Professor Karen Heywood, University of East Anglia, School of Environmental Sciences
Dr David Moffat, Plymouth Marine Laboratory
Professor Thomas Bell, Plymouth Marine Laboratory
The global oceans take up about a third of the carbon dioxide (CO2) we emit, and about half of this uptake occurs within the Southern Ocean surrounding Antarctica. This dampens global heating so understanding air-sea CO2 exchange in the Southern Ocean is essential for predicting future climate.
While air-sea CO2 exchange through an unbroken water surface is reasonably well understood, how sea ice and whitecaps (formed via bubbles from wave breaking) affect CO2 exchange are very poorly known. Because the Southern Ocean is substantially covered by sea ice and/or whitecaps, our poor understanding of these processes limits the accuracy of current and future CO2 flux estimates.
In this project, you will make and bring together shipboard measurements over multiple years and satellite observations to better understand the relationships between gas exchange, sea ice, and whitecaps. From the UK ice breaker RRS Sir David Attenborough primarily in the Southern Ocean, you will 1) directly measure air-sea CO2 exchange using a state-of-the-art flux system, and 2) develop/improve image analysis algorithms to automate the determination of sea ice coverage and whitecaps from shipboard visible/infrared photographs. You will then combine satellite observations with the outcomes of 1) and 2) to determine the importance of sea ice and whitecaps in determining CO2 uptake by the Southern Ocean.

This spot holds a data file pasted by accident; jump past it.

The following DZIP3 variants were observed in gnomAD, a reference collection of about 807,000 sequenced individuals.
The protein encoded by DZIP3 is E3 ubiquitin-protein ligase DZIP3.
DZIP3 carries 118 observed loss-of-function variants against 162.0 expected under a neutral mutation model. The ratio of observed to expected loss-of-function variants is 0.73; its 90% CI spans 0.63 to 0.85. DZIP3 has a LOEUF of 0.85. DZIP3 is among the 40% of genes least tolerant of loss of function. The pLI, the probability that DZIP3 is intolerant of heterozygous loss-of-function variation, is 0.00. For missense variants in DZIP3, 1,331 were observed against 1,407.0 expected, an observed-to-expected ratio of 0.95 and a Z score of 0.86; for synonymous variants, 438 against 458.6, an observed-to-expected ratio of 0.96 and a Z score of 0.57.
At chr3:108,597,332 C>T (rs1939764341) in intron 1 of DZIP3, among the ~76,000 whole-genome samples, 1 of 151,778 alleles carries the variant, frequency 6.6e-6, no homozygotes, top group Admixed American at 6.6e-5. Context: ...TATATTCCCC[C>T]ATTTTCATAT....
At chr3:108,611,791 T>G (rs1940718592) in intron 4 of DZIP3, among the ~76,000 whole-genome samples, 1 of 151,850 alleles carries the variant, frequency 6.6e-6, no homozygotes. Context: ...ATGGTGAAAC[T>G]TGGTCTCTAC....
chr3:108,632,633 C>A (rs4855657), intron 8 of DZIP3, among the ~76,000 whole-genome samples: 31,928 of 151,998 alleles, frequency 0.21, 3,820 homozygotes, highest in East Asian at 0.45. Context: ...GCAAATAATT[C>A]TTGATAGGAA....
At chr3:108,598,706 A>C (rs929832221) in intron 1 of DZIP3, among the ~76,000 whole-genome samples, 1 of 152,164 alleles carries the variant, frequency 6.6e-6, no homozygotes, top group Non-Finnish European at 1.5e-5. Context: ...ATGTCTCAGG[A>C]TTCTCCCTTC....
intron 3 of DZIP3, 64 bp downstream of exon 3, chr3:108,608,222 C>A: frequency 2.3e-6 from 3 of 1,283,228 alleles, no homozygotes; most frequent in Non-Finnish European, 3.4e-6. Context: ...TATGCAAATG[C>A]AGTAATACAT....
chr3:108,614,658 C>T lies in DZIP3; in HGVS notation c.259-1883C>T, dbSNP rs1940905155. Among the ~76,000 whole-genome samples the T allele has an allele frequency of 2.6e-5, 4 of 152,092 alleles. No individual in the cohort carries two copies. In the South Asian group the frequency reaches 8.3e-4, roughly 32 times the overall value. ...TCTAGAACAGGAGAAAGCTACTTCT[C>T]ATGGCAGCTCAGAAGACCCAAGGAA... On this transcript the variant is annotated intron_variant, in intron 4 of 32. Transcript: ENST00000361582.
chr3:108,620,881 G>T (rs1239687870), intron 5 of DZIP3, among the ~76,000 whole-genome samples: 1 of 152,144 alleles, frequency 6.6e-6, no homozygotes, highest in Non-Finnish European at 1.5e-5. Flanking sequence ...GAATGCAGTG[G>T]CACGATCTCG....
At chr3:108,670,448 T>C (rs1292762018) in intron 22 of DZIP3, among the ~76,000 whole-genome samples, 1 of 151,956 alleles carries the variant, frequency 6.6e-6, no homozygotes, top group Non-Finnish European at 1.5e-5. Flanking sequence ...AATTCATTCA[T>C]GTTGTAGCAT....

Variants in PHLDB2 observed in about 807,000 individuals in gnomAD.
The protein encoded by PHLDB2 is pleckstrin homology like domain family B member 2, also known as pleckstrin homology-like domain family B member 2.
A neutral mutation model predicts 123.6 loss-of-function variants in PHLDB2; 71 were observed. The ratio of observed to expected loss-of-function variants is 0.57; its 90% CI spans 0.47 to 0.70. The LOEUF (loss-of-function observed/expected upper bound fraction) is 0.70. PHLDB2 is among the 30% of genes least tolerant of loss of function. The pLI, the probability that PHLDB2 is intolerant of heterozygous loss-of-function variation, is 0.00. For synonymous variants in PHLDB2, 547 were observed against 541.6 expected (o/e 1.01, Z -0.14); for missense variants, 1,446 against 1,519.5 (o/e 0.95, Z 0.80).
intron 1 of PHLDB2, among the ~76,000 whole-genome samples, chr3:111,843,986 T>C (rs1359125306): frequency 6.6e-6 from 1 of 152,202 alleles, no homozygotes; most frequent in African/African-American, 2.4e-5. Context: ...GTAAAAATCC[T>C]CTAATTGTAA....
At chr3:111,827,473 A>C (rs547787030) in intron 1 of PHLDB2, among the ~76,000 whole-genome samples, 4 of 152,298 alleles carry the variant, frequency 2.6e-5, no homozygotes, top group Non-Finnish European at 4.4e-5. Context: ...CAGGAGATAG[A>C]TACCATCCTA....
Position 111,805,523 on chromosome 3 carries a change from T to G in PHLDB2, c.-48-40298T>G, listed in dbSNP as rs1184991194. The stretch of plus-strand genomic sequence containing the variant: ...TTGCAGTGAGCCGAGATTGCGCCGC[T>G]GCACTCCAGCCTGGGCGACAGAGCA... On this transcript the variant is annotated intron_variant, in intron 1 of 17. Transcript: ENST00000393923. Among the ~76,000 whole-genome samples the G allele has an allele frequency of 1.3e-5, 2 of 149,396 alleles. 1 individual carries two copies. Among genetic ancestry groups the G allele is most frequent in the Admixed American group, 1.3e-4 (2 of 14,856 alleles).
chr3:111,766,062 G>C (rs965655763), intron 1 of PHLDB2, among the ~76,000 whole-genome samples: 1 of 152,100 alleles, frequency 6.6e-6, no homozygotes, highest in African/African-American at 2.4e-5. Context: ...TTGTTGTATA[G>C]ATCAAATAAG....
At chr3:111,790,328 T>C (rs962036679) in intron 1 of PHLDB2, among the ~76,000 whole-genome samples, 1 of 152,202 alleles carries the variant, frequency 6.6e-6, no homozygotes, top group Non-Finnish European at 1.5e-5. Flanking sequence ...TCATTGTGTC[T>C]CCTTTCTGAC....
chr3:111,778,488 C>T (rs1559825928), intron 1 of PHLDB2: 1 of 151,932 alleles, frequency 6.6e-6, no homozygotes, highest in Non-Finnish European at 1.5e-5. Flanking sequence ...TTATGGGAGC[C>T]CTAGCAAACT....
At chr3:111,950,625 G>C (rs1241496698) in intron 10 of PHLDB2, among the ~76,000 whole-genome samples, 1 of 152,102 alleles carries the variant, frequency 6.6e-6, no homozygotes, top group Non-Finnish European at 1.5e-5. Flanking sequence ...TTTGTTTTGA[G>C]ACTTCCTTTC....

You will gain experience in air-sea exchange measurements and in situ as well as satellite data analysis in PML, and physical oceanography and sea ice in UEA. You will be offered the opportunity to participate, if you wish, in a research cruise. You will gain an understanding of good laboratory practice, image processing, handling of big data/Machine-Learning, presentations and scientific writing, and gain unique field experience (valuable skills in academic, industry and consultancy careers).
You will have a passion for environmental research with an aptitude to operate scientific instrumentation and analyse large volumes of data. You should be degree-level qualified in Environmental, Chemical, Marine or Atmospheric Sciences, but applications from those with other numerate degrees (e.g. Physics, Mathematics, Engineering) are also encouraged.